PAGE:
Cuba’s Energy and Infrastructure Revolution

September 21, 2016  • Greg Gershuny & Energy and Environment Program

On September 1-2, the Aspen Institute’s Energy and Environment Program took part in the Cuba Energy & Infrastructure Summit in Havana, Cuba, by organizing a panel about the policy, finance, and market opportunities and challenges developing a cleaner energy economy in Cuba. The Aspen Institute arranged for David Sandalow, the Inaugural Fellow at Columbia University’s Center on Global Energy Policy, and Roger Ballentine, Founder and President of Green Strategies in Washington, D.C., to travel to Havana and participate as speakers during the Summit.

Cuba is looking to make great strides in the clean energy space. Currently, Cuba generates more than 80% of its electricity from burning oil, one of the most carbon intensive fuels (other than coal). The majority of the rest of its electricity is from natural gas or biofuels (mostly sugar cane and Marabu, an invasive species of hardwood tree). However, in the last few years Cuba has installed 11mw of wind power and 24mw of solar power. This has led to an increased desire for additional renewable generation sources. Therefore, in their intended nationally determined contribution to the 2015 Paris Climate Agreement, Cuba agreed to install more than 2,000mw of renewable generation sources, with 24% of their electricity sector being renewable by 2030.

While this is great progress, much work is needed to achieve these goals. One issue that Cuba will grapple with is that all of the new renewable power they plan to bring online in the coming decade is in addition to the existing fleet of oil burning, carbon emitting power plants that keep the lights on in Cuba today. Therefore, while the rate of carbon emissions will decrease, the total amount may not. Much of Cuba’s oil is imported from Venezuela. This poses geopolitical risks to Cuba’s energy security as Venezuela’s government and economy teeter on the edge of crisis, largely due to prolonged low oil prices, it “becomes a supply risk for oil markets”, according to Columbia University Center on Global Energy Policy’s new report on Venezuela. Cuba will have to continue to examine possibilities to reduce its oil consumption or source from other nations.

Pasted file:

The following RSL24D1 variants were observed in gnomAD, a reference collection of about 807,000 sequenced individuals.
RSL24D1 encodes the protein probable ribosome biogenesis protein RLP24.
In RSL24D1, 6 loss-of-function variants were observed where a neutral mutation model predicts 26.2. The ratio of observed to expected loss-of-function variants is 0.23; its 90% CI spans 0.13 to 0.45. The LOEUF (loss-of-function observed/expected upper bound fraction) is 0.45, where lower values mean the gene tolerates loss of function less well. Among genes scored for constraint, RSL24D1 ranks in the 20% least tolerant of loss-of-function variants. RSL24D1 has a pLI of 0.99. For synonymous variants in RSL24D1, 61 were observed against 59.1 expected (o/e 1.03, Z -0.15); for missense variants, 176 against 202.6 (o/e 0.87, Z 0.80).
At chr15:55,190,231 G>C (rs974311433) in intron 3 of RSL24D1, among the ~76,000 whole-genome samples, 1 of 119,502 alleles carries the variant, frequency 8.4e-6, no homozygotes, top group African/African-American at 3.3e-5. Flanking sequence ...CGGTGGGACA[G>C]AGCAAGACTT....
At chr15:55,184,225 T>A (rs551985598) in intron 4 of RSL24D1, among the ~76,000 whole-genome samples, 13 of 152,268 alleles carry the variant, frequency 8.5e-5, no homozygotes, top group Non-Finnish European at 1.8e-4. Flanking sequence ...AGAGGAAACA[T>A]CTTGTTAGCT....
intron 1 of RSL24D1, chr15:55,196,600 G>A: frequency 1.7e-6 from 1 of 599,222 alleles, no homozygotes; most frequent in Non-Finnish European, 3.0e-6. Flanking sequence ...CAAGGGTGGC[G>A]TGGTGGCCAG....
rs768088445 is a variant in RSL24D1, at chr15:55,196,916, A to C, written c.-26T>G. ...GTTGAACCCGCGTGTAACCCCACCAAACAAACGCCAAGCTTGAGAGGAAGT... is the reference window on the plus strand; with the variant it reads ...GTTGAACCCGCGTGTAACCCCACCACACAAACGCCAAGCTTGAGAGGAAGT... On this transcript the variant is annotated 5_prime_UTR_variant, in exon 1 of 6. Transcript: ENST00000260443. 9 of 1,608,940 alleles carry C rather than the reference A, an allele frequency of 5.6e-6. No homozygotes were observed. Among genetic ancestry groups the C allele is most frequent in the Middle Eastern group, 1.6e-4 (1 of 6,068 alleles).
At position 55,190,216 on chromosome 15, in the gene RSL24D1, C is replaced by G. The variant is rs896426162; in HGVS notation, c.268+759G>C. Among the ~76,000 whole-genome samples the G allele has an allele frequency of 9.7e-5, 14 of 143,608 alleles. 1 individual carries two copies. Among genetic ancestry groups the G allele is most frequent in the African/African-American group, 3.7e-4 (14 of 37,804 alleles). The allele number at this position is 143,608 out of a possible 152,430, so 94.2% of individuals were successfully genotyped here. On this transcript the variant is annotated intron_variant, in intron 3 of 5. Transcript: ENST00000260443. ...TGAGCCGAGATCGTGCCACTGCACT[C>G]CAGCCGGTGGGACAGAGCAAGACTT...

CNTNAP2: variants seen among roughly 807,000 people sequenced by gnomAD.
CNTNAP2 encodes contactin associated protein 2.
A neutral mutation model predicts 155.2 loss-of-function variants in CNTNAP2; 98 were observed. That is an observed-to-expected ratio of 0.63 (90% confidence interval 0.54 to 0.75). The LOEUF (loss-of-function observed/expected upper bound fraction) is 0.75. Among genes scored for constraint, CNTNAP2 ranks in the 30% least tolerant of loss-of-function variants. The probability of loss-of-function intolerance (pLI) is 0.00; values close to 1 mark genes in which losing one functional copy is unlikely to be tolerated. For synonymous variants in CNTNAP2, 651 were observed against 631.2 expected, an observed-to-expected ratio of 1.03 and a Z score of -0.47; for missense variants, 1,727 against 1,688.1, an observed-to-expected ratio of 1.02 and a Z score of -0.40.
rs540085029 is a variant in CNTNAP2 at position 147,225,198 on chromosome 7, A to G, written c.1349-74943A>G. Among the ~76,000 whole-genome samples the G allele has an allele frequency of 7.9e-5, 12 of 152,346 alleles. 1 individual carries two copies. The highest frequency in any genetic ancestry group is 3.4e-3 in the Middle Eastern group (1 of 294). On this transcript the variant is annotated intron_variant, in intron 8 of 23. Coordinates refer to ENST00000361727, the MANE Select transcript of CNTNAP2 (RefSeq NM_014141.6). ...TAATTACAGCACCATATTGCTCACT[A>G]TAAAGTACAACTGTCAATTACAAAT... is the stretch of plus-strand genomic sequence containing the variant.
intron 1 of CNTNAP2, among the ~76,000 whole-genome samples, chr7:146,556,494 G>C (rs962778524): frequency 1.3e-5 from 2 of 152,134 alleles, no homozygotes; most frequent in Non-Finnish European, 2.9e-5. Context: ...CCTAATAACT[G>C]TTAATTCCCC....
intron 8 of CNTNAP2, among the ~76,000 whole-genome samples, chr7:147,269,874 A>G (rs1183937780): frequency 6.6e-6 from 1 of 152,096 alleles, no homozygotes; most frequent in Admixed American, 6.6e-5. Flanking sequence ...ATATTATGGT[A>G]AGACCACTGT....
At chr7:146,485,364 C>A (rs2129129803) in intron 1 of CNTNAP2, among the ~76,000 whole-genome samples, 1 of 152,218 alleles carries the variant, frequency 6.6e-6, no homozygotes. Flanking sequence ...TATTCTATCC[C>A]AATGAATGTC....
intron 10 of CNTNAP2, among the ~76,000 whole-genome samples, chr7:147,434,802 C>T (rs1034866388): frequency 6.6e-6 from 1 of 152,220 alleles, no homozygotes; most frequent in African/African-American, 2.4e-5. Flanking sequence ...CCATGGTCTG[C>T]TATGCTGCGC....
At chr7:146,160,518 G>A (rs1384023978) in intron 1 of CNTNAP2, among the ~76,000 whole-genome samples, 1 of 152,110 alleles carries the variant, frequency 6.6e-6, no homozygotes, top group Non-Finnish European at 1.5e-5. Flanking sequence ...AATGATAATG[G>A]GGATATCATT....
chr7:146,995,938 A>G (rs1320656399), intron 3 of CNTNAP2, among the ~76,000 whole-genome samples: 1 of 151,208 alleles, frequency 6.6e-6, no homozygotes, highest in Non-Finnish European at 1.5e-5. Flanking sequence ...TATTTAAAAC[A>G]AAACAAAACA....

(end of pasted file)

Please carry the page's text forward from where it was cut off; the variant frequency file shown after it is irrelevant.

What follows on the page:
As Cuba looks to modernize its power sector and reach its Paris Climate goals, the Aspen Institute is interested in continuing discussions with the Cuban government and industry leaders about clean energy policy, markets, and infrastructure in Cuba. The Aspen Institute’s Energy and Environment Program has worked with several other countries, including India and China, to engage on bilateral and multilateral agendas on energy, environment and climate.

Greg Gershuny is the Acting Deputy Director and James E. Rogers Energy Policy Fellow for the Aspen Institute’s Energy and Environment Program.

David Sandalow directs the US-China Energy & Climate program and works on a wide range of issues including the future of the electric grid, renewables finance and CO2 utilization and, prior to joining Columbia, served in senior positions at the U.S. Department of Energy, including Under Secretary of Energy (Acting) and Assistant Secretary for Policy & International Affairs.

Roger Ballentine advises and represents businesses, associations, government agencies and non-profit entities on domestic and international public policy issues and business strategies, focusing on energy, environmental and conservation matters. Previously, he was a senior member of the White House staff, serving President Bill Clinton as Chairman of the White House Climate Change Task Force and as Deputy Assistant to the President for Environmental Initiatives.